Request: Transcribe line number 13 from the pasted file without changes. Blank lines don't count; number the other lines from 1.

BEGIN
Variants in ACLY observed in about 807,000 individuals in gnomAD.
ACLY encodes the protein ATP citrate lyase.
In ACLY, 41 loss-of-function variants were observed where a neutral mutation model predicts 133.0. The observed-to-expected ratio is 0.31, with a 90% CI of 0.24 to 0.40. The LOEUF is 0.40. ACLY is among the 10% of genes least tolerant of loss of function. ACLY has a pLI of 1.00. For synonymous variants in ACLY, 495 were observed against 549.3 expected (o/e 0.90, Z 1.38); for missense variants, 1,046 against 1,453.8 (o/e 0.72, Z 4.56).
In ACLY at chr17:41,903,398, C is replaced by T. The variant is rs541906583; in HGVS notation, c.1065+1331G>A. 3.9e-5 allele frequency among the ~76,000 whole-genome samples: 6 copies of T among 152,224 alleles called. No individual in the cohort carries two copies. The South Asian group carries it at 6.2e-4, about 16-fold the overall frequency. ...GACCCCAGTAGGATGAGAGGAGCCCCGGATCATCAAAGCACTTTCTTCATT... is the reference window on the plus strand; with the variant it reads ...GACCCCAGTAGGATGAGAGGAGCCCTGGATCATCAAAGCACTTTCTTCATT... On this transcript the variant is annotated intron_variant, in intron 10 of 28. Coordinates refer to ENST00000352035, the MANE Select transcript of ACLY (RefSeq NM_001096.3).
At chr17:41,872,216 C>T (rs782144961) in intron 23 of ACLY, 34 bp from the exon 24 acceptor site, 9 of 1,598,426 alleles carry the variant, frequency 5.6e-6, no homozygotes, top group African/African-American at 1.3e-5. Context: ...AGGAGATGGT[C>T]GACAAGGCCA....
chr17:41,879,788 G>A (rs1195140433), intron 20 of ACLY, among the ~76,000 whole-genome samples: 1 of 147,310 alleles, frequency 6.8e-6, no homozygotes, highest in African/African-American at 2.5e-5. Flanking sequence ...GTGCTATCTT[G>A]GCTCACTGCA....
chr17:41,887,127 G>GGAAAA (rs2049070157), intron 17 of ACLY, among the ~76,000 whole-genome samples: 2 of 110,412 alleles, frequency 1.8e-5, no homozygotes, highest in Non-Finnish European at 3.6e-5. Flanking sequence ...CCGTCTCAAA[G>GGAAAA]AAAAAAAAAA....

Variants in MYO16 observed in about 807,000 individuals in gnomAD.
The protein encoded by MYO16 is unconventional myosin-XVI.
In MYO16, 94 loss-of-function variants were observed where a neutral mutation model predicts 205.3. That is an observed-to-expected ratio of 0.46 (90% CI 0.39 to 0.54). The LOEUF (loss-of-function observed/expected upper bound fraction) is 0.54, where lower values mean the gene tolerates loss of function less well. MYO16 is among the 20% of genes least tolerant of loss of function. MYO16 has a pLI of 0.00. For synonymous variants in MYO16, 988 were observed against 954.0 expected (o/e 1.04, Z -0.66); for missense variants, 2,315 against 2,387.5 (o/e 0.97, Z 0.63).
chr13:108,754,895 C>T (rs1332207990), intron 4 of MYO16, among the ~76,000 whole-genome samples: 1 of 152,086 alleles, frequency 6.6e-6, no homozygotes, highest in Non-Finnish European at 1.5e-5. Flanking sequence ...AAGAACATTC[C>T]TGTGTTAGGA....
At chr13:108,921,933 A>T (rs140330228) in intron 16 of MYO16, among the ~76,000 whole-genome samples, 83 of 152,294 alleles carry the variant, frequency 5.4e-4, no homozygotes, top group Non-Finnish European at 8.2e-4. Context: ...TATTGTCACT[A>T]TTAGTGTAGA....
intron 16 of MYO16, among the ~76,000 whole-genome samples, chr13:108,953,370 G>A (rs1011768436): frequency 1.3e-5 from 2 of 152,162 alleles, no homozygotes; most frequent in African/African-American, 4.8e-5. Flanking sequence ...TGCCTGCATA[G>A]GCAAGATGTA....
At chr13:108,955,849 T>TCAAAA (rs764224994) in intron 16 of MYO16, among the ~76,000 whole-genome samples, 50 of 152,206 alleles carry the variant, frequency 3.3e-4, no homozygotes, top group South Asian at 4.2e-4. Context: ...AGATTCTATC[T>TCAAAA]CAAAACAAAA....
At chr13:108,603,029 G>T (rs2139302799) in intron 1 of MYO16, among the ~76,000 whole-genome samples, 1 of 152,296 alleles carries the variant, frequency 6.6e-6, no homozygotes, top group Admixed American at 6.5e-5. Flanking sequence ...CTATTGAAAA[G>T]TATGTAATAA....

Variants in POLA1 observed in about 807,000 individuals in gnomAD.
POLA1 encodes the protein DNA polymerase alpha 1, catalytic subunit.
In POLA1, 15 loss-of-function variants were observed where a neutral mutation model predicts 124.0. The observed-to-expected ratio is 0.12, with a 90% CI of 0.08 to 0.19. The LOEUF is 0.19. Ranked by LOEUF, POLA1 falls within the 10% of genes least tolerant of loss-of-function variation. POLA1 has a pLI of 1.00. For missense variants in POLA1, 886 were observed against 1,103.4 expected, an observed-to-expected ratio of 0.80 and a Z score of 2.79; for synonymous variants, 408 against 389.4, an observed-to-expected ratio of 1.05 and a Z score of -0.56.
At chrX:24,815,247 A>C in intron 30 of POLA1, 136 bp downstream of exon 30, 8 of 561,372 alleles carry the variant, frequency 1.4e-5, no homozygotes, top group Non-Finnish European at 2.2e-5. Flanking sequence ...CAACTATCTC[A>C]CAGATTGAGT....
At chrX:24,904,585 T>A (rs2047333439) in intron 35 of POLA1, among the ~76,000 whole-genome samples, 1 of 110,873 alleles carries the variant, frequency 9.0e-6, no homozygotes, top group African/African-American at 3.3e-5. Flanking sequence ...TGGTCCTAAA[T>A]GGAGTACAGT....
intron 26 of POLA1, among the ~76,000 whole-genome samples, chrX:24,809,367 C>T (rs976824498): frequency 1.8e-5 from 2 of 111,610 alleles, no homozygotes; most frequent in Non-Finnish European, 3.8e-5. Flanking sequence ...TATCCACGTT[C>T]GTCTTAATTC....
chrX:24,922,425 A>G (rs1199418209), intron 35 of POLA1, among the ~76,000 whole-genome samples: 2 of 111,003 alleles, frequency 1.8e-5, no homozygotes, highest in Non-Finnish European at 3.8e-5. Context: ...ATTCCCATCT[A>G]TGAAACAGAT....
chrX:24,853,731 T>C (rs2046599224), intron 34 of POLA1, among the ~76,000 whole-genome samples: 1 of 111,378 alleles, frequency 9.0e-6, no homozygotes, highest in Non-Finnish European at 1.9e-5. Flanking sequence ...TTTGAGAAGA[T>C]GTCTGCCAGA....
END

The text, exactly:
intron 16 of MYO16, among the ~76,000 whole-genome samples, chr13:108,953,370 G>A (rs1011768436): frequency 1.3e-5 from 2 of 152,162 alleles, no homozygotes; most frequent in African/African-American, 4.8e-5. Flanking sequence ...TGCCTGCATA[G>A]GCAAGATGTA....